ambages

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English[edit]

Etymology[edit]

From Old French ambages (French ambages), from Latin ambāges, from ambi- + agere (to drive).

Pronunciation[edit]

Noun[edit]

ambages (plural only)

  1. Indirect or roundabout ways of talking; circumlocution.
    • 1621, Robert Burton, The Anatomy of Melancholy, Book I, New York 2001, p. 169:
      Having thus briefly anatomized the body and soul of man, [...] I may now freely proceed to treat of my intended subject , to most men's capacity; and after many ambages, perspicuously define what this melancholy is [...].
  2. Indirect or roundabout routes or directions.
    • 1993, Anthony Burgess, A Dead Man In Deptford:
      Paris put fear into him, a city of monstrous size to which London was but a market town. Its ambages of streets bewildered.

Translations[edit]


Latin[edit]

Pronunciation[edit]

Noun[edit]

ambāges f (genitive ambāgis); third declension

  1. circuit (roundabout way)
  2. long story
  3. circumlocution, evasion, digression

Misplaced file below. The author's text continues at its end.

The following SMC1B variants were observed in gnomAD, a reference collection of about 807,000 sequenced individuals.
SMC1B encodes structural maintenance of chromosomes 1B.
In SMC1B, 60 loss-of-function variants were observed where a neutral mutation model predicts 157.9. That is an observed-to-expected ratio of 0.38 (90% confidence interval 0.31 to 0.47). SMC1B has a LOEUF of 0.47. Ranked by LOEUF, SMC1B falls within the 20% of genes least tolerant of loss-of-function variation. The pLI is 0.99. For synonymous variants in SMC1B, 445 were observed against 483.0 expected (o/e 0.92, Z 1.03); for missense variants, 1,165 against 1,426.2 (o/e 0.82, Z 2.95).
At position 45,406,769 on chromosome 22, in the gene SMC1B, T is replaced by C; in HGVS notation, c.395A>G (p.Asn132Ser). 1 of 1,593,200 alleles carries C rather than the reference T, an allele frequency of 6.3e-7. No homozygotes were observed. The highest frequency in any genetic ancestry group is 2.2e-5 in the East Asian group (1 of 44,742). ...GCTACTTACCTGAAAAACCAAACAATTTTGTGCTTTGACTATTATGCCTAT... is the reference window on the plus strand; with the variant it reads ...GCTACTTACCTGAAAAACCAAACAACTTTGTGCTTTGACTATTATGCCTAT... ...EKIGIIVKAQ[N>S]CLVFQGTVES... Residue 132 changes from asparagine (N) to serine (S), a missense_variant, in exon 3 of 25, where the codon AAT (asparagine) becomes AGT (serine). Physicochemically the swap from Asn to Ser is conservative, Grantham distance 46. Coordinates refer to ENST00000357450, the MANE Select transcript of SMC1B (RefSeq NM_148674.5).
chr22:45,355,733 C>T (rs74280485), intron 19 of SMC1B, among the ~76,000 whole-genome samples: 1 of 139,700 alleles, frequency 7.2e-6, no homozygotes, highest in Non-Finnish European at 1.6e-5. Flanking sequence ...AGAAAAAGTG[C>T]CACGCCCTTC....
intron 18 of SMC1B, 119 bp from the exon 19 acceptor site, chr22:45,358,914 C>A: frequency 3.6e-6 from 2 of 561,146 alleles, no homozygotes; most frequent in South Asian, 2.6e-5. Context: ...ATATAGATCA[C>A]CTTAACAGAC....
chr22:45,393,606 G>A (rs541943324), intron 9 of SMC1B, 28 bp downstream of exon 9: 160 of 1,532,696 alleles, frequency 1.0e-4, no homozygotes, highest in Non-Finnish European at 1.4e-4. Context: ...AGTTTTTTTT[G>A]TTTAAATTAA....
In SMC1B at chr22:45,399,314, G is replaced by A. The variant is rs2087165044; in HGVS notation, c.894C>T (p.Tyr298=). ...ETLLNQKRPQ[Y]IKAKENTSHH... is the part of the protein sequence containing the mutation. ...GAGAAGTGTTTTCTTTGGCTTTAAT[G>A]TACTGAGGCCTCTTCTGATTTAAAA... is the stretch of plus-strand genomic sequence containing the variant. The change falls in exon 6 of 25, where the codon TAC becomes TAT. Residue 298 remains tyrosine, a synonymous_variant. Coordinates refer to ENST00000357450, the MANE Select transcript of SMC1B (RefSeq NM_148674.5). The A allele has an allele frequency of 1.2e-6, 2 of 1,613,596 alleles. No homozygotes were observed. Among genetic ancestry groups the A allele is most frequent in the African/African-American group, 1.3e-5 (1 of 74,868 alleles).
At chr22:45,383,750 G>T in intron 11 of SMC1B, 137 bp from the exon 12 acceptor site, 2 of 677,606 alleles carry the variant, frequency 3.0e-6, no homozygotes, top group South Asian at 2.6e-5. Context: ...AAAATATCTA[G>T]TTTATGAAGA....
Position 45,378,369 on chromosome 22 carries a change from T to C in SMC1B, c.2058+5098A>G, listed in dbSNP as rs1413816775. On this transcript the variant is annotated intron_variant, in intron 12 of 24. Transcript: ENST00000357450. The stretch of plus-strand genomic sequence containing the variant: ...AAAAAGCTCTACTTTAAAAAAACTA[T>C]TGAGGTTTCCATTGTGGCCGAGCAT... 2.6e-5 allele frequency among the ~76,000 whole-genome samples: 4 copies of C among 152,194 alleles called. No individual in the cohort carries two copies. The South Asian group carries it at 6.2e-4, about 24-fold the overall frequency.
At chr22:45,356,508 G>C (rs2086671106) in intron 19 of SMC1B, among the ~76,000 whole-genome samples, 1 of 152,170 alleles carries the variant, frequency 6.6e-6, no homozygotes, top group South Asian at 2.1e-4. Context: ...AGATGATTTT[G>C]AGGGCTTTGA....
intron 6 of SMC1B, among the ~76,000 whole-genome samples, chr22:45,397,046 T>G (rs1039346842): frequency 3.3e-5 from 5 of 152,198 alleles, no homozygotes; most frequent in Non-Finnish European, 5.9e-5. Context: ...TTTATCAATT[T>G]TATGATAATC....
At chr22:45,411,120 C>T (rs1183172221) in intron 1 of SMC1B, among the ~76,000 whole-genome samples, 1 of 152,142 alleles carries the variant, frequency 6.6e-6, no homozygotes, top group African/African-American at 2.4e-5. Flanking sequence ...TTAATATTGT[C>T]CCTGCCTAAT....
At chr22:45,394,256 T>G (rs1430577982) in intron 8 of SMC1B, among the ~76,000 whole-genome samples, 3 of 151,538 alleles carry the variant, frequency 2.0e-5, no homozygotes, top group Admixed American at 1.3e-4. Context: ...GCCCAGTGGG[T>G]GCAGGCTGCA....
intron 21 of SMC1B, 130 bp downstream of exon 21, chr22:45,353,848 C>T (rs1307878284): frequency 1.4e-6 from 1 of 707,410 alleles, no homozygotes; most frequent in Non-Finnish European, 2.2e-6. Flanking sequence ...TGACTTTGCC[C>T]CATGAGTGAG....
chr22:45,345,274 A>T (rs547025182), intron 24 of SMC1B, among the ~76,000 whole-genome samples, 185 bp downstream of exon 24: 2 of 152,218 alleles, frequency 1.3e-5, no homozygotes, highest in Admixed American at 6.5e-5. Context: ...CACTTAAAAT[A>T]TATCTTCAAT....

4. ambiguity

Inflection[edit]

Third declension i-stem, alternative accusative singular in -im and ablative singular in .

Number Singular Plural
nominative ambāges ambāgēs
genitive ambāgis ambāgium
dative ambāgī ambāgibus
accusative ambāgim
ambāgem
ambāgīs
ambāgēs
ablative ambāgī
ambāge
ambāgibus
vocative ambāges ambāgēs

Old French[edit]

Etymology[edit]

Circa 1355, Borrowing from Latin ambāges.

Noun[edit]

ambages m pl

  1. circumlocution, ambages (indirect or roundabout ways of talking)

Descendants[edit]


Spanish[edit]

Etymology[edit]

from Latin ambāges

Noun[edit]

ambages m pl

  1. circumlocution, ambages (indirect or roundabout ways of talking)
  2. (rare) ambages (indirect or roundabout routes or directions)

Synonyms[edit]

Derived terms[edit]